Life & Times Reviews


New Format Set for KCET’s ‘Life & Times’

October 01, 1993 | Judith Michaelson

KCET-TV Channel 28 inaugurates the third season of its local series “Life & Times” tonight with substantial format changes: four in-studio, “talking head” programs a week instead of three, one documentary program instead of two, and a greater focus on statewide issues.

Executive producer Blaine Baggett said the decision to go with one documentary a week was motivated by wanting to add state issues into regular discussion.

“There’s not enough attachment from Southern California to the rest of the state,” said Baggett, also KCET director of public affairs and feature documentaries. “It was like this gaping hole. And I felt (this) was one dire need that public television could try to begin to fulfill.”

Blaine Baggett, who had been director of public affairs and feature documentaries, is now vice president of program development, scheduling and acquisition. Valerie Zavala, who was executive producer of the station’s weeknight series “Life & Times,” has become vice president of news and public affairs.

“I see them as two separate functions,” Al Jerome, KCET’s president and chief executive officer, noted Wednesday. “Development and acquisition as being one function, whereas the local program effort–the ‘Life & Times’ and community outreach and local specials . . . [is] a separate function. Val and Blaine are uniquely qualified to steer [that] and they have an excellent working relationship.”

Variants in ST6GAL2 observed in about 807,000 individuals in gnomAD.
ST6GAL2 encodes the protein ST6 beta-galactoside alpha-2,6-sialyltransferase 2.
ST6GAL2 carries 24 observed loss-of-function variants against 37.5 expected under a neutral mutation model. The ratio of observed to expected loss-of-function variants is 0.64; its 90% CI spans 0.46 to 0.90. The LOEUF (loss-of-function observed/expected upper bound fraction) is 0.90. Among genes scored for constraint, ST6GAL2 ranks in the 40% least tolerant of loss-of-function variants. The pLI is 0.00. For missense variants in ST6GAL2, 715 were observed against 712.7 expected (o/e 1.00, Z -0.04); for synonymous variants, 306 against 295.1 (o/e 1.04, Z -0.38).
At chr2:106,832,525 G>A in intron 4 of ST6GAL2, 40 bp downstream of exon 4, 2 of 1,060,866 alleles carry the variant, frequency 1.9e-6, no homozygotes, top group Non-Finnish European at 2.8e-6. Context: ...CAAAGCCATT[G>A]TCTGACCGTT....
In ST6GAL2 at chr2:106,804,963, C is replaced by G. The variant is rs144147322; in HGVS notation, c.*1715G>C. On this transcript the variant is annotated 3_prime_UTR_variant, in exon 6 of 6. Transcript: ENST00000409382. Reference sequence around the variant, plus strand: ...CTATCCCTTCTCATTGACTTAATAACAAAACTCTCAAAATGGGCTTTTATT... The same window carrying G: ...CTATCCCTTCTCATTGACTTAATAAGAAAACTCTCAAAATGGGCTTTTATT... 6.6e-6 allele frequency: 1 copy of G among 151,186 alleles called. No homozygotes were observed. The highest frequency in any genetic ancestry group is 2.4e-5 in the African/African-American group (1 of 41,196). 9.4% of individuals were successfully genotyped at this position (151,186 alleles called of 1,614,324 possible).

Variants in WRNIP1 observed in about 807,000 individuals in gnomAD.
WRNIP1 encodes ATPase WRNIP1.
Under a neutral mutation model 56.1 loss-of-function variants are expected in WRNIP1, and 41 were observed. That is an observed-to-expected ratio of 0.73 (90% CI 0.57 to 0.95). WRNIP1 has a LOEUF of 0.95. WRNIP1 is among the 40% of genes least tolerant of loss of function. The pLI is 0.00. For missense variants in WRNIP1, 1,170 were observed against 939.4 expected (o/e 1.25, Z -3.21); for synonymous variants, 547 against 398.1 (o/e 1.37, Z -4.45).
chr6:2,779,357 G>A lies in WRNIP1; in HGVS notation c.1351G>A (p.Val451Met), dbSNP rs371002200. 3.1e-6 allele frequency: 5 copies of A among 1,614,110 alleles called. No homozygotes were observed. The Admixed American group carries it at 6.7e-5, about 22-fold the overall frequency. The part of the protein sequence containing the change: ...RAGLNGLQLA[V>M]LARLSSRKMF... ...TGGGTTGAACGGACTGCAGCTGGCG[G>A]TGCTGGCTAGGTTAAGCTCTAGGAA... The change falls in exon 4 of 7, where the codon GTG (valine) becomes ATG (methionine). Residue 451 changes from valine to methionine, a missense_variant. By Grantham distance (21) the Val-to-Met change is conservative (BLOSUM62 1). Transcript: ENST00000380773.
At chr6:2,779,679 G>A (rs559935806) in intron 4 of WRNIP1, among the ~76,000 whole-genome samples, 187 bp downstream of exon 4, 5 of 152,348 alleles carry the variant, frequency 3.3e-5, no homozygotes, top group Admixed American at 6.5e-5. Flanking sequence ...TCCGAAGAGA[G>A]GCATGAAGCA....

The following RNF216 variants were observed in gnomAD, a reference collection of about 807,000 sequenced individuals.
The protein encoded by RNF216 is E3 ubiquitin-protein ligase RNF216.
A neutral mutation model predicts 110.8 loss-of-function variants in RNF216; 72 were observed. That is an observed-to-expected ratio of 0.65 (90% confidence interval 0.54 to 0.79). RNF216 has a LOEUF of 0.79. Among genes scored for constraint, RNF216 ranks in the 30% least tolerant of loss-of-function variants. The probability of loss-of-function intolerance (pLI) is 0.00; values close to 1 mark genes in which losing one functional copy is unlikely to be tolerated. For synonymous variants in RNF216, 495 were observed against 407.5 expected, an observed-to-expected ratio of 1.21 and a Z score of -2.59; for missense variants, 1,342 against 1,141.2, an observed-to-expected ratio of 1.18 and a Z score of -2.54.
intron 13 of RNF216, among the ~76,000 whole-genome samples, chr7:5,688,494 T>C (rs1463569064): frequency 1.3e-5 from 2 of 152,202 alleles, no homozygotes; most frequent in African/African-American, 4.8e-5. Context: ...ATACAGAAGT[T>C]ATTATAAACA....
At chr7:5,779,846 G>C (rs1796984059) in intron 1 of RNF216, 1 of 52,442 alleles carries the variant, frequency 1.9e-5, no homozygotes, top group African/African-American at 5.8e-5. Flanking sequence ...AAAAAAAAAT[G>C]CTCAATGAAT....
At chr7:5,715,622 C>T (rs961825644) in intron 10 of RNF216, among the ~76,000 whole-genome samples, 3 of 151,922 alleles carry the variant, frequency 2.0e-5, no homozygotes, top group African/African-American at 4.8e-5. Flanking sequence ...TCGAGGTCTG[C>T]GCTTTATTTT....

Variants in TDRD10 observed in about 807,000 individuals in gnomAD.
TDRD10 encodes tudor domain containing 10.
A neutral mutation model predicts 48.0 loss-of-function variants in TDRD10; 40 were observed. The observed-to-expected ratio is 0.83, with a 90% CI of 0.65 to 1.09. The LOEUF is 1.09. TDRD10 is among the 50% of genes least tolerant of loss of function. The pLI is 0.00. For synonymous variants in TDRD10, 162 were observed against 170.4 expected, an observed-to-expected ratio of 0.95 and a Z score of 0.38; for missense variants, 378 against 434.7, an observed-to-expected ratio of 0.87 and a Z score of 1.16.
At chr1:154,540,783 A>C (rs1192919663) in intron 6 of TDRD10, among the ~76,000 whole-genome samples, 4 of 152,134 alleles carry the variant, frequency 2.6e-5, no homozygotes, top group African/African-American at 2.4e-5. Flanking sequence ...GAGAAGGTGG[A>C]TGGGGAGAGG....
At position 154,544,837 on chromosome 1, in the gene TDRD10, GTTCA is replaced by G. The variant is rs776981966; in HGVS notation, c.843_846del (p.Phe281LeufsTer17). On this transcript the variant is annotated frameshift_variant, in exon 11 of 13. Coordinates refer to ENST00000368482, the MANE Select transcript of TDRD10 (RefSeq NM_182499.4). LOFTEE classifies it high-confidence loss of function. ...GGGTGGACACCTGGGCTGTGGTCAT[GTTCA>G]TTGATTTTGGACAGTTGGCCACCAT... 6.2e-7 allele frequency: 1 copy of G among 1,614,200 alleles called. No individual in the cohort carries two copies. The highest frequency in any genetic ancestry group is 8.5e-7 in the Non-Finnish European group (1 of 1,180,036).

Baggett, 45, who came to KCET in 1985, is responsible for all programming except in Zavala’s area of local news and public affairs. “Documentaries, children’s programs, [President] Al Jerome’s concerted effort to make a foray into Hollywood more. . . . I’m just going to have a broader canvas to paint on,” he explained.

Baggett, who produced such PBS series as “Secret Intelligence,” “The Astronomers” and the upcoming “The Great War,” an eight-hour documentary about World War I, said the new job essentially will require him to relinquish hands-on producing chores.

“If we can pursue another great series like ‘The Great War,’ ” he said, “I would have to hand it off to another executive producer. [But] I would still oversee it. I was the person who came up with the [‘Great War’] idea, developed it and found the money for it. So I will [still] be developing ‘Great Wars’ [and] handing it off to someone else to then execute.”

Although Baggett had been responsible for overseeing “Life & Times,” he gives that baton to Zavala: “As much as I hate letting go of it, I have plenty of fish to fry.”

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